The feeling is mutual, Jeff. I've been busy for the past few weeks, and
unable to reply to recent postings by you and others. I think that we agree
on most things about dance and technology - it is just that we are going to
argue like hell over a few details.
So here goes....
>>My comments were not to encourage an improvisational free-for-all, as some
>>have taken them - this is suitable for only the most trivial of interactive
>>setups. It is important to remember that I am not advocating any particular
>>type of work, only a method of thinking about technology and of working
>No, you're not advocating a certain kind of work, but you are dismissing
>others--such as improvisation--with no regard to content, only form. Surely
>an interactive setup designed to be such--for example, a dance piece I saw
>in Minneapolis done by five contact improvisers, led by Steve Paxton, in
>which the lighting design was improvised as well by a very talented man with
>fast fingers on the board--could be a completely whole and uniquely
>aesthetic experience. It was, in fact. What is not suitable, which I
>believe we agree on, is when it is meant to be rehearsed--and isn't.
I judge work objectively - if a work is good, then I can see that it is
good and will say so, no matter what it is or who did it. And I think that
it is clear from my previous messages that I will also criticise poor work,
no matter who did it and what their reputation is.
I think form is important, in that it provides the criteria by which to
judge the ambition of the work (with regard to the use of technology) and
whether the use of technology added anything to work.
If we use technology within dance, then it should contribute something
concrete to the performance - we shouldn't cover up the poor and
unambitious use of technology with self-justifying comments in the same way
that, it seems, poor choreography can be covered up.
Is improvisation with sensors really any different to improvisation without
sensors, and should we be praising it when there are other more interesting
things that we could do with this (and other) technology in dance? (This is
similar to my argument that the use of sensors etc. within a linear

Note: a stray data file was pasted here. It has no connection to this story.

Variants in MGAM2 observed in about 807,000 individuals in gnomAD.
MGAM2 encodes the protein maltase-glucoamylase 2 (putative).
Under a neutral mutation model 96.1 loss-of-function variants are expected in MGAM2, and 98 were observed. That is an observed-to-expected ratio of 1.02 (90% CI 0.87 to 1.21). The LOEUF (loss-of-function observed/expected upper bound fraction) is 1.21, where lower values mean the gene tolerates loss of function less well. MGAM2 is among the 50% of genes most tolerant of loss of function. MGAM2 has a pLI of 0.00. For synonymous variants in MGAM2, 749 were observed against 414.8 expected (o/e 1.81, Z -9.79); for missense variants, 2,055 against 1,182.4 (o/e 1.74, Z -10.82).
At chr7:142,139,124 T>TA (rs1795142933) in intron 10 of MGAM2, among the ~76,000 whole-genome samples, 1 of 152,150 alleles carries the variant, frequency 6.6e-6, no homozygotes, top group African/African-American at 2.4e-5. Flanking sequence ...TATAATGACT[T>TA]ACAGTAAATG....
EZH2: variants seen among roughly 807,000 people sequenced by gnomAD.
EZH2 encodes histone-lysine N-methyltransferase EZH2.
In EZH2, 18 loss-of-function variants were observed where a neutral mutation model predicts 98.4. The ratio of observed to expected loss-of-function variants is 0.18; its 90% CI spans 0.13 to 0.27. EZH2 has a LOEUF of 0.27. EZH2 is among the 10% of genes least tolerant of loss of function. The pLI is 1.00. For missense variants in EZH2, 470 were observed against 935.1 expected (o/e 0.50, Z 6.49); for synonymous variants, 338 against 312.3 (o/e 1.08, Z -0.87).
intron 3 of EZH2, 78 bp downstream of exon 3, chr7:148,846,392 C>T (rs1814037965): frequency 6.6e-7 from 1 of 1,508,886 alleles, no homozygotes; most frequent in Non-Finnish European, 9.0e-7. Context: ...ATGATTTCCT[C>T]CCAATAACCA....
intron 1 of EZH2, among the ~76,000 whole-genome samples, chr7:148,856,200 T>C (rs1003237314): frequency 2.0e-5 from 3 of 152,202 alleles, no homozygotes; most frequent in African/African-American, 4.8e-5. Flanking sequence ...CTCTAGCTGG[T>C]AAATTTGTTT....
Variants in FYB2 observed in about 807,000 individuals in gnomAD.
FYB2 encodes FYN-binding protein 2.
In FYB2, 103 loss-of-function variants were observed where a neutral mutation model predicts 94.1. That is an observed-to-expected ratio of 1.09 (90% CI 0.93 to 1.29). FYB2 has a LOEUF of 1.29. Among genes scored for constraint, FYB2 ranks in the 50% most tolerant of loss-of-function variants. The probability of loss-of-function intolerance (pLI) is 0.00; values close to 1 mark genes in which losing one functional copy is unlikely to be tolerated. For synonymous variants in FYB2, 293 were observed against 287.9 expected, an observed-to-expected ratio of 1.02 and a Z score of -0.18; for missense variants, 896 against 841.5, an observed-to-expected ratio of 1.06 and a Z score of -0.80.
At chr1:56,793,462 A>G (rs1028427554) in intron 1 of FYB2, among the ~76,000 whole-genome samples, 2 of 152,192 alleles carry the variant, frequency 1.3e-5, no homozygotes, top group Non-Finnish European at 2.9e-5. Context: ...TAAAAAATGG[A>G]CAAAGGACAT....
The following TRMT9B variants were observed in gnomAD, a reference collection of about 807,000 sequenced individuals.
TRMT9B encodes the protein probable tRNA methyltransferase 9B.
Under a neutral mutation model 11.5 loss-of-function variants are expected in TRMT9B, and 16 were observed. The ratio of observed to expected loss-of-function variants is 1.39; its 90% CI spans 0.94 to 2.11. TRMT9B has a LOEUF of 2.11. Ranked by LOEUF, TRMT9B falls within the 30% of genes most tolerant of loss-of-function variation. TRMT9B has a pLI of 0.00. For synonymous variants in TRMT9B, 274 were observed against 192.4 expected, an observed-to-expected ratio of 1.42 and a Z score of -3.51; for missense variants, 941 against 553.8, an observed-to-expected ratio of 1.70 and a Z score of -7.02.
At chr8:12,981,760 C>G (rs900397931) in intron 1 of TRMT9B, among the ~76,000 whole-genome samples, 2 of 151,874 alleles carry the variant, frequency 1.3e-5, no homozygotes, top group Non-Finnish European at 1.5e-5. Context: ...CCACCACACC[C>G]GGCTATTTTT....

choreographed performance is meaningless.)
Looking first at form is not taking a technocentric approach to dance
criticism - it is the only way to see beyond the "glitter" of the
technology to an honest appreciation of the work.
>>With regard to Jeff's comments on undemanding technology, producing an
>>interactive soundscape with BigEye is not "trying to use equipment beyond
>>its intended purpose" - it is using the application for *exactly* the
>>purpose that it was designed for.
>Again, we've missed the forest for the trees. I'm speaking of video
>cameras, computers, the internet--none of which was designed to be used for
>dance performance. As opposed to marley floors, sprung stages, raked
>theatres, source 4s, all of which is technology specifically designed for
>performance. Even BigEye uses a format--MIDI--which is not designed to be
>used in video, as anyone whose been stuck with a note on in a video window
>can attest to. BigEye is not technology--it is a translator between
>technologies, protocols, transforming one--the video signal--into
>another--the MIDI signal.
I think that we just need to agree to differ on what we call technology,
how we categorise it, and how we use it. I regard BigEye setup - the
camera, the computer, the software, the MIDI device, etc. - as one tool,
designed to provide a video-triggered musical instrument, and it makes no
difference whether this tool is used in a dance performance or not. I don't
look on each component of this setup on its own, each alien to dance and
inherently unreliable in this environment - as a whole, BigEye is pretty
reliable (if used properly).
I think that when people have problems with the technology that they use in
their performances, they need to look very closely at where the problem
comes from - otherwise it becomes a case of, as the saying goes, "a bad
workman always blames their tools". If you have a note stuck on, it is not
because of a bug in BigEye, or due to the video camera, or an inherent
problem with MIDI - it is due to you trying to be either too precise in
your setting up of BigEye (the colour tables, regions, etc.) or not precise
Those who complain BigEye is too difficult or too unreliable will just have
to realise that there will never be a tool like it where from one menu you
can choose what movement or position acts as the trigger and, in another,
choose what sample is played - movement is too imprecise and intelligent
pattern recognition is too difficult. The success that you have with BigEye
depends on how well you deal with approximation (and haw well you deal with
the cases where your approximation fails).
>In pursuit of our building a lexicon with which to intelligently and
>impartially address this subject, I would put forth the idea that the
>difference between "technician" and "technologist" is the same as that
>between "dancer" and "choreographer"--one relates, the other creates. The
>other difficulty, of course, is the tendency for techies of both sorts to
>treat the performers as idiots. And critics don't like anybody...
I'm not sure if I like either the terms that you use, or the comparison
that you make to the distinction between choreographer and dancer. I am
also suprised that no-one objected to your categorising of dancers - I
would have thought that the dancer has a creative role, too....
It also seems to me that choreographers treat "techies" of all sorts - and
often dancers - as idiots, too.
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